The Under Dogs With Mme. Storey


In this mystery novel, the author tells of the amazing detective skill of Rosika Storey alias Jessie Seipp, in the opinion of the New York police, the cleverest woman in the world.

He tells how she wove the net which was to snare the greatest crook organisation in America. She faced infinite peril and hardship, and the greatest demands were made upon her courage and her brains.

You will be captivated all through the book. She is a fascinating character, and the book reveals a vast knowledge of New York’s underworld.

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An extract:


Nothing was omitted to create the illusion of Mme. Storey’s departure for her usual three months in Paris. A brilliant group of her friends saw her off at the pier, including the Hon. Emmet Fogarty, Mrs. Cornelius Marquardt, Countess Montpellier, and others much in the public eye.

All of which was commented on in the press. Mme. Storey herself gave out an interview, telling of her plans in detail, and she was photographed at least a dozen times on the sun deck of the Baratoria, for the rotogravure supplements.

A week later, her arrival in Paris was cabled back, and at intervals of two or three days thereafter, items appeared chronicling her appearance at Longchamps, at the Duchesse D’Uze’s garden party, at a reception in the Elysée Palace, and so on. Even her costumes were described. All this was arranged for through an agent in Paris. For, of course, Mme. Storey never left New York.

With her departure, all activities at the office abruptly ceased, and my duties became merely perfunctory. I occupied myself chiefly with reading the newspapers and writing my stories. The newspapers never yielded a word that could be applied to our case.

During the first few days, I believe that I was followed wherever I went, but I was not sure because Mme. Storey had warned me not to betray the least suspicion that I might be followed. At any rate, I had seen one or two men who seemed to ignore my existence rather self-consciously.

One, a heavy, blond German with a pock-marked face and a lowering look, I had seen twice. But, after four days, nothing more of the sort had come under my notice, and I was beginning to hope that our efforts to convince the gang we had no interest in their doings had finally been successful.

On the fifth day Mme. Storey called me up. At the sound of the well-known, slow voice, with a little crinkle of amusement in it, a great gladness filled my breast. We conducted our conversation prudently, since there was a chance that we might be overheard, though it was a slight one. Mme. Storey’s name was so much on all lips that the sound of it might have arrested the attention of even the busiest telephone operator.

“Hello, there!” she said.

“Hello yourself,” I answered. “Are you all right?”

“Right as a trivet! What I want first is news; of course, I’ve read the papers.”

“There is no news, except what has been in the papers. Our friend has made no progress.”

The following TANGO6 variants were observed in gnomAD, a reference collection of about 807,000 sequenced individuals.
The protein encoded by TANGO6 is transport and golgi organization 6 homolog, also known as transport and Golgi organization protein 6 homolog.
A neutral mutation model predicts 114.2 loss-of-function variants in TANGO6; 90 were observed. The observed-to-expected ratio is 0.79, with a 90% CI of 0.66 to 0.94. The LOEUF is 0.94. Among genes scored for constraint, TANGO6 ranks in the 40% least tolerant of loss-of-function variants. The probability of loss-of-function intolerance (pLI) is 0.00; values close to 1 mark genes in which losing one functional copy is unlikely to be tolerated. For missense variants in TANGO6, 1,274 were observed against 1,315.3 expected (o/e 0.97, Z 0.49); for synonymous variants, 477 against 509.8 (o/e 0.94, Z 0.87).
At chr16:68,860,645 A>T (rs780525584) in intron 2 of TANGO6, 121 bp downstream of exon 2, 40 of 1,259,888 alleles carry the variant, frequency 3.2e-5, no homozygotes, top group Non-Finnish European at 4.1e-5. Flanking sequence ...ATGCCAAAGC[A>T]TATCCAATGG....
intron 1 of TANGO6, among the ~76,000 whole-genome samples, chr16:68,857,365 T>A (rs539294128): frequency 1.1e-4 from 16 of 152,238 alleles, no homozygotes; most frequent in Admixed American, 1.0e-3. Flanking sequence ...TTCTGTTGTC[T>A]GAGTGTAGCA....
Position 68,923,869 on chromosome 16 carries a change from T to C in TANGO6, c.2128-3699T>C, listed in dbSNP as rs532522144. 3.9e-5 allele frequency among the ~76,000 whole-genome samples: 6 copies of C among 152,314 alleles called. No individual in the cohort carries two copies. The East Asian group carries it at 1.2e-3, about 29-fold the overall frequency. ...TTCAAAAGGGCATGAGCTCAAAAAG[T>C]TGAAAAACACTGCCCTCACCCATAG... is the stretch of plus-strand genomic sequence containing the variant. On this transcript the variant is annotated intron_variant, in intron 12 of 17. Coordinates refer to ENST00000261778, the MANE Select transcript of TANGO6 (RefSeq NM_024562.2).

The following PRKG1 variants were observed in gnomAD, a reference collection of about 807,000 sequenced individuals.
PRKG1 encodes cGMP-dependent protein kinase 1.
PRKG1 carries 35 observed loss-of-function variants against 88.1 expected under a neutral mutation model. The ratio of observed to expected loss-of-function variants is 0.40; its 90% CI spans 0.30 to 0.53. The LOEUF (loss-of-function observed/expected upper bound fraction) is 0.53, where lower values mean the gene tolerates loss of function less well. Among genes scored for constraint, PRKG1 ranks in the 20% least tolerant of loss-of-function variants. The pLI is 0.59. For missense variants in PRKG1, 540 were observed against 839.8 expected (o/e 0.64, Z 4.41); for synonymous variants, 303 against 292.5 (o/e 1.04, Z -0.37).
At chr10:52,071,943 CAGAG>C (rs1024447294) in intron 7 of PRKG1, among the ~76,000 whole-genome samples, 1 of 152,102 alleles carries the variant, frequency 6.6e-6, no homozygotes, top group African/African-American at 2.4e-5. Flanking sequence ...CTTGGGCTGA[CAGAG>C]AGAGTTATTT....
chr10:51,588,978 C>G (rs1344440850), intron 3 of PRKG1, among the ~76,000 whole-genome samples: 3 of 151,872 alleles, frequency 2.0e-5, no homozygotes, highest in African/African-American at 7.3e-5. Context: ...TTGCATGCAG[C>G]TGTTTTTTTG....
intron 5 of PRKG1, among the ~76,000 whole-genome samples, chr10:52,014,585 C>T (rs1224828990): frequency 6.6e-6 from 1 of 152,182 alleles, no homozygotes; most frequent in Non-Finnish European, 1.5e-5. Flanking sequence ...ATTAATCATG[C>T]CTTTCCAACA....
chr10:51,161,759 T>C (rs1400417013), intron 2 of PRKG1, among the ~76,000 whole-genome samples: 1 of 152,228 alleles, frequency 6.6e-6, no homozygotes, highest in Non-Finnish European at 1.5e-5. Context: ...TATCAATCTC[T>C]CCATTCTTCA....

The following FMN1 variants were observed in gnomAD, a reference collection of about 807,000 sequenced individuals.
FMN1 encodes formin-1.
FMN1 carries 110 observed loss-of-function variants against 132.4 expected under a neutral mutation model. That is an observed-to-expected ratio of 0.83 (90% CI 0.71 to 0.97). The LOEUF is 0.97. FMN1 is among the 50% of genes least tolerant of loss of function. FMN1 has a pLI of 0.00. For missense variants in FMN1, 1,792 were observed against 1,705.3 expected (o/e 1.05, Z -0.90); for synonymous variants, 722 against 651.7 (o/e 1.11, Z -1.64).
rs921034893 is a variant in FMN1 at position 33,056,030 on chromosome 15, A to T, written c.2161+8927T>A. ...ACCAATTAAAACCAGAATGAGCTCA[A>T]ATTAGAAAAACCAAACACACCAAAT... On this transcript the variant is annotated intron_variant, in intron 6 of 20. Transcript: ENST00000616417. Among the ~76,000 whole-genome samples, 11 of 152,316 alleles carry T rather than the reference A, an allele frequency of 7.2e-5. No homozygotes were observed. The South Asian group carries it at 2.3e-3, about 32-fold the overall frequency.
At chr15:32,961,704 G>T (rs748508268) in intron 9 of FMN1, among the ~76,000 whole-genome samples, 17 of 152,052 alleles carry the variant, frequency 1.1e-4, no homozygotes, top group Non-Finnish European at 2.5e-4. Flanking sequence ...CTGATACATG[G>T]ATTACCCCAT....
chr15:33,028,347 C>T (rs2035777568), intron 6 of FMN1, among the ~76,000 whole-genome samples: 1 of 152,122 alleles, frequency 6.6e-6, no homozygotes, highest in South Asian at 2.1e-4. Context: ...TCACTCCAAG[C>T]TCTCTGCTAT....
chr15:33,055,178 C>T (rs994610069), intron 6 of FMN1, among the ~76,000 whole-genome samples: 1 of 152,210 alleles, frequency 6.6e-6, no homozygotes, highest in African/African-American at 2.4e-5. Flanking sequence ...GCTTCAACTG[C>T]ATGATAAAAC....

“Well, if nobody has been found, that is something. Have they been interesting themselves in your movements?”

“I think so. You told me not to notice anything of the sort. Since yesterday, I think they’ve been called off.”

“You’d better make sure of that now. Walk once or twice through one of the long, empty blocks in your neighbourhood, and look behind you. Seat yourself for a while on a bench in the Park, from where you can see in every direction.”

“I will. Have you made your plans?”

“Yes, but we’d better not go into details over the phone, I’m still looking for just the job I want. I must establish a background. I mean to be a laundry worker.”

“A laundry worker! in July!” I exclaimed, thinking of her beautiful hands.

“It will only be a few days.”

“But why a laundry?”

“The work is so hard, and the pay so poor, you can always get a job without any to do about references.”

“I can’t imagine you in a laundry,” I said helplessly.

“I am much changed, my friend.”

“Any instructions?” I asked.

“Yes. I want you to send a telegram to my well-known friend in Tuxedo. Do you get me?”

“You mean E. M.?” I asked. (“E.M.” stood for Emily Marquardt — Mrs. Cornelius Marquardt.)

“Yes. I couldn’t send it in my present make-up without exciting remark in the telegraph office. But you can. Send it from an office where you are known. Just say: ‘Four o’clock, Saturday. If not convenient, name your own time.’ And sign it: ‘Louisa.'”

I repeated this over the wire.

“That’s all now. I’ll call you up at your boarding-house tonight.”

I sent the telegram. And in two hours I got this answer, “I’ll be there: Emily.”

At home that night, I was just finishing dinner when I was summoned to the phone. The instrument is in the hall, just outside the dining-room door. And as all the boarders pricked up their ears, it behooved me to be more careful than ever about my end of the conversation. The voice that came over the wire was strange to me. A slightly husky voice, speaking the clipped, derisive jargon of the streets.

“Hello, guyl! Say, listen. T’ere’s a band concert over in Tompkins Square t’night. Kalsomine yer neck and c’m on over.”

I suppose I gasped audibly. A delighted laugh came winging over the wire, and I heard my mistress’s natural voice.

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